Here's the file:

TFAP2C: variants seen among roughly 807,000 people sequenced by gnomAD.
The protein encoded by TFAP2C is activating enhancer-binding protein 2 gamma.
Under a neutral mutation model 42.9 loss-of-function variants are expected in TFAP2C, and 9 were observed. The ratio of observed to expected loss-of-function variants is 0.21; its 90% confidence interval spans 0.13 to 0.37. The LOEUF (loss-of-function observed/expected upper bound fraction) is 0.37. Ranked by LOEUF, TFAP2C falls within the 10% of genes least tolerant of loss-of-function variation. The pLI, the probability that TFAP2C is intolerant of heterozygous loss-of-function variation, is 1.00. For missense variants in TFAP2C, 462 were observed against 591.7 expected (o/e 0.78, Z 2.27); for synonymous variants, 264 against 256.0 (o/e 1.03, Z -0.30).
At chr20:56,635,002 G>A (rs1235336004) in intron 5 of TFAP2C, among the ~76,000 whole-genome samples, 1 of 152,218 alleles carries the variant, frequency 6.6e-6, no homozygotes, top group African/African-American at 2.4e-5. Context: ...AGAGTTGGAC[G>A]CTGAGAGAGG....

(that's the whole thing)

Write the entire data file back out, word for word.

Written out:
TFAP2C: variants seen among roughly 807,000 people sequenced by gnomAD.
The protein encoded by TFAP2C is activating enhancer-binding protein 2 gamma.
Under a neutral mutation model 42.9 loss-of-function variants are expected in TFAP2C, and 9 were observed. The ratio of observed to expected loss-of-function variants is 0.21; its 90% confidence interval spans 0.13 to 0.37. The LOEUF (loss-of-function observed/expected upper bound fraction) is 0.37. Ranked by LOEUF, TFAP2C falls within the 10% of genes least tolerant of loss-of-function variation. The pLI, the probability that TFAP2C is intolerant of heterozygous loss-of-function variation, is 1.00. For missense variants in TFAP2C, 462 were observed against 591.7 expected (o/e 0.78, Z 2.27); for synonymous variants, 264 against 256.0 (o/e 1.03, Z -0.30).
At chr20:56,635,002 G>A (rs1235336004) in intron 5 of TFAP2C, among the ~76,000 whole-genome samples, 1 of 152,218 alleles carries the variant, frequency 6.6e-6, no homozygotes, top group African/African-American at 2.4e-5. Context: ...AGAGTTGGAC[G>A]CTGAGAGAGG....